Mental Rehearsing's Role in Sanctification
by Aramus Crane
No new idea
If you ask any respected professional, whether she be an
actor, a doctor, a politician, a salesman, a soldier or an athlete, she
will tell you that a part of the reason for their success is practice
and mentally rehearsing the task ahead of them. There is a
neurological basis for the old proverb, “Practice makes perfect“ and
for the Army saying, “Do it in practice as you will do in battle.“
Between each pair of neurons that communicate to each other,
there is a microscopic space called the synapse. Here electronic
pulses are changed into chemical signals using neurotransmitters.
These flow out of the sending neuron's gate and into the receiving
neuron's receptor where they are transduced into electronic pulses
again. Each time that someone does something, the gates and receptors
in the mental synapses are strengthened. Otherwise, over a period of
disuse, these channels get used in other ways and the brain gets
rewired. If the brain is wired for a specific action or reaction, that
action will be executed easier and faster than if it has never been
done before. When we get stressed or tired, our actions regress into
what is natural, the “animal instinct“. If we mentally and physically
rehearse what we desire to do or say, it will become easier and appear
more genuine, because it will become genuine. This is the secret to
success in the public eye.
Using it in Kingdom life
Other than a pastor's normal routine of practicing his sermon
in front of a mirror, this trait is virtually unknown in Christian
circles. How many missionaries do what a salesman does, keeping records
on contacts: their previous conversations, opinions, vital statistics
and prayerfully plan for the next conversation under the leading of the
Holy Spirit? How many mentally have a conversation before the next
visitation, having some idea of what they will say, what objections
might be brought up, correct reactions to those objections, open and
loving body language, etc?
No, the hapless missionary goes in unprepared, gets surprised
by the person's reaction, gets angry, expresses negative body language,
and says something that he usually regrets or doesn't say something and
later thinks, “boy I could have said that“. But he doesn't write it
down in a file to be reviewed before the next conversation and doesn't
say it the next time either. This is one reason why we are known as the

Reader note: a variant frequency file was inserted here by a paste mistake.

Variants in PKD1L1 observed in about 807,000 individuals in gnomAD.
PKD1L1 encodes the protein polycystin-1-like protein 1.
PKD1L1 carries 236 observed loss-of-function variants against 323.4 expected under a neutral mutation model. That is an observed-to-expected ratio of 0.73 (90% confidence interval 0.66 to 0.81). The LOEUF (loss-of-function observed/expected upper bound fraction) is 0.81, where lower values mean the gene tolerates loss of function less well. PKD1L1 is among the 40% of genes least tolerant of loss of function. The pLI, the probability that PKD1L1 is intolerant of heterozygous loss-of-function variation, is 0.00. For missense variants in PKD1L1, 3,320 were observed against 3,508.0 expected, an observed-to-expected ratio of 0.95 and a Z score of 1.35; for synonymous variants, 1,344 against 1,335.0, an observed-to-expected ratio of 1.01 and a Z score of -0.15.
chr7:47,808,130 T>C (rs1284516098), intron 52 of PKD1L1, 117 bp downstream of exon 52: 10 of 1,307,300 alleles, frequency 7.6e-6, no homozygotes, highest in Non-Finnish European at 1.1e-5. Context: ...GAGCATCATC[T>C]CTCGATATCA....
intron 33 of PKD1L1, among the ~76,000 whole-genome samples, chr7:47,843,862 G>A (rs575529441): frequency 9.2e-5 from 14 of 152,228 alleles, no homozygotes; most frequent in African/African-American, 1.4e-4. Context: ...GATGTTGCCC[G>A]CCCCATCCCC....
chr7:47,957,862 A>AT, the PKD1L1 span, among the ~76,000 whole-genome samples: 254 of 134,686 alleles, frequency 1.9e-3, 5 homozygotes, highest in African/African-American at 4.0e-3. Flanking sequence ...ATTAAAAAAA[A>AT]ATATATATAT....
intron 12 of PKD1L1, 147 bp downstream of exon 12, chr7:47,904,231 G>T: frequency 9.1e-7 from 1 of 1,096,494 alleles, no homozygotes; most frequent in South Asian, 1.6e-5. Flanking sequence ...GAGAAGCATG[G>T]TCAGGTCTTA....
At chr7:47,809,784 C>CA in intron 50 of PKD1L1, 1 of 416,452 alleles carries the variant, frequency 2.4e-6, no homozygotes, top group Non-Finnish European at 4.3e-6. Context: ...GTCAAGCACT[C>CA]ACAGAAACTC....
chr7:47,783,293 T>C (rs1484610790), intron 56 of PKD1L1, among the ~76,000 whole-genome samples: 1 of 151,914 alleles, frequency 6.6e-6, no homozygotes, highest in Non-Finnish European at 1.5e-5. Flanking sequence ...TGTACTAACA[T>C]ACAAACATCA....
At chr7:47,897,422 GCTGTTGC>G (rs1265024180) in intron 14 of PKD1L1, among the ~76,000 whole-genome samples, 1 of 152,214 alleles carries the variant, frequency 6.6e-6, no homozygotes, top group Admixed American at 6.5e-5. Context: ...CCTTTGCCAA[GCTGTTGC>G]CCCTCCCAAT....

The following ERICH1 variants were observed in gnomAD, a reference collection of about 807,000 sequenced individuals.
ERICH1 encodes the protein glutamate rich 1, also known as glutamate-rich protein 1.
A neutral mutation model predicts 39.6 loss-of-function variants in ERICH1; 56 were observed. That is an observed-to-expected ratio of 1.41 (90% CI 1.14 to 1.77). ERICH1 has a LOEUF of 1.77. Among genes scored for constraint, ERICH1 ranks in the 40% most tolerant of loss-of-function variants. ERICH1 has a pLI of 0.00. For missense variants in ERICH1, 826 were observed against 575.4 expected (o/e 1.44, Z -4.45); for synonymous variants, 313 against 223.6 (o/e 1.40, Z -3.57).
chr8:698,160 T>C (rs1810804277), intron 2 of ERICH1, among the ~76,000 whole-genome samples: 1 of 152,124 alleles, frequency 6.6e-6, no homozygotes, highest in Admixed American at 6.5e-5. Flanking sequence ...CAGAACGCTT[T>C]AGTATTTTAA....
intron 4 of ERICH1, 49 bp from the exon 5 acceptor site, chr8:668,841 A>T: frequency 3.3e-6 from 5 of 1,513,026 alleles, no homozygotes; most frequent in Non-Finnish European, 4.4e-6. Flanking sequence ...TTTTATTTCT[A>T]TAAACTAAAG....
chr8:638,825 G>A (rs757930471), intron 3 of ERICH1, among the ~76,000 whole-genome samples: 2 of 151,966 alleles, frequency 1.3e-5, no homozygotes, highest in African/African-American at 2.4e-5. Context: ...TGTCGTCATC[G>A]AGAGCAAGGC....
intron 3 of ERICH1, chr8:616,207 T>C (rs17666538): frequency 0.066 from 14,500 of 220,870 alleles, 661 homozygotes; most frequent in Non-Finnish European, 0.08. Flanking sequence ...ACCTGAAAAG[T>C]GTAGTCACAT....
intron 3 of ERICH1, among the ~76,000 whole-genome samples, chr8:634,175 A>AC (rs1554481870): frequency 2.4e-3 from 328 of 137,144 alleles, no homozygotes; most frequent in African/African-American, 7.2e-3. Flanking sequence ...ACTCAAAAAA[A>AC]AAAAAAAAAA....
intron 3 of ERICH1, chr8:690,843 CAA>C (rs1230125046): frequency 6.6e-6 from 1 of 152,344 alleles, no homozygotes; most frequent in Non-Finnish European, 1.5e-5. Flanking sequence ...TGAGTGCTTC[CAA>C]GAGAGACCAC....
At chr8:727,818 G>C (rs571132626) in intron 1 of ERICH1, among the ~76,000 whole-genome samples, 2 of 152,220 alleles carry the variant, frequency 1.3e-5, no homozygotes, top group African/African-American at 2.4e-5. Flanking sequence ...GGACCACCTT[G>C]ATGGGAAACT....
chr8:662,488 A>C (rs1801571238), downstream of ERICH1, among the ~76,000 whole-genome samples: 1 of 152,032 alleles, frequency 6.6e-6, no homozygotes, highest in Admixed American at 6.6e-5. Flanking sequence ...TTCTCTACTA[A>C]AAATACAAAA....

most disorganized, inefficient, unprofessional and ineffective of all
professions. Beloved, this ought not be so. Even as college students
in the Navigators, we at least planned before visitation and evaluated
our conversations afterwards.
Introducing rehearsing into parenting
How many times do we mentally rehearse our conversations with
our children about sex or drugs? How much do we prepare ourselves to
react positively to criticism and insults? If you know you will have a
meeting with someone who insults you about your faith, do you do
anything to prepare for it? Prayer is important, and many will do that.
But, mentally preparing yourself will give you a whole new experience.
How do I do it?
What is mentally rehearsing? Imagine yourself going into that
meeting with the anti-Christian. Imagine some of the insults that he
might throw at you. Now mentally or even physically observe your body
language and see if it is closed and defensive. Make it open and
loving. OK, play it over again with the right body language. Now what
will you say in response? Is there a better word or tone to use? Use
it. Now, say it in love, aloud, so that you hear yourself say it and
reinforce the right synapses in the Broca and Wernicke's areas of the
brain for speech and hearing. Repeat it two or three times and then
think of another insult. Do this for a number of attacks. The two
minutes that you have invested in preparation are repaid by not losing
hours of sleep afterwards regretting what you said or thinking how to
undo the damage you did to God's Kingdom and your career.
As I've discovered in my marriage, words are hard to unspeak
and emotional damage is hard to undo. Let us do it better the first
time. Mental rehearsal goes far in our sanctification process.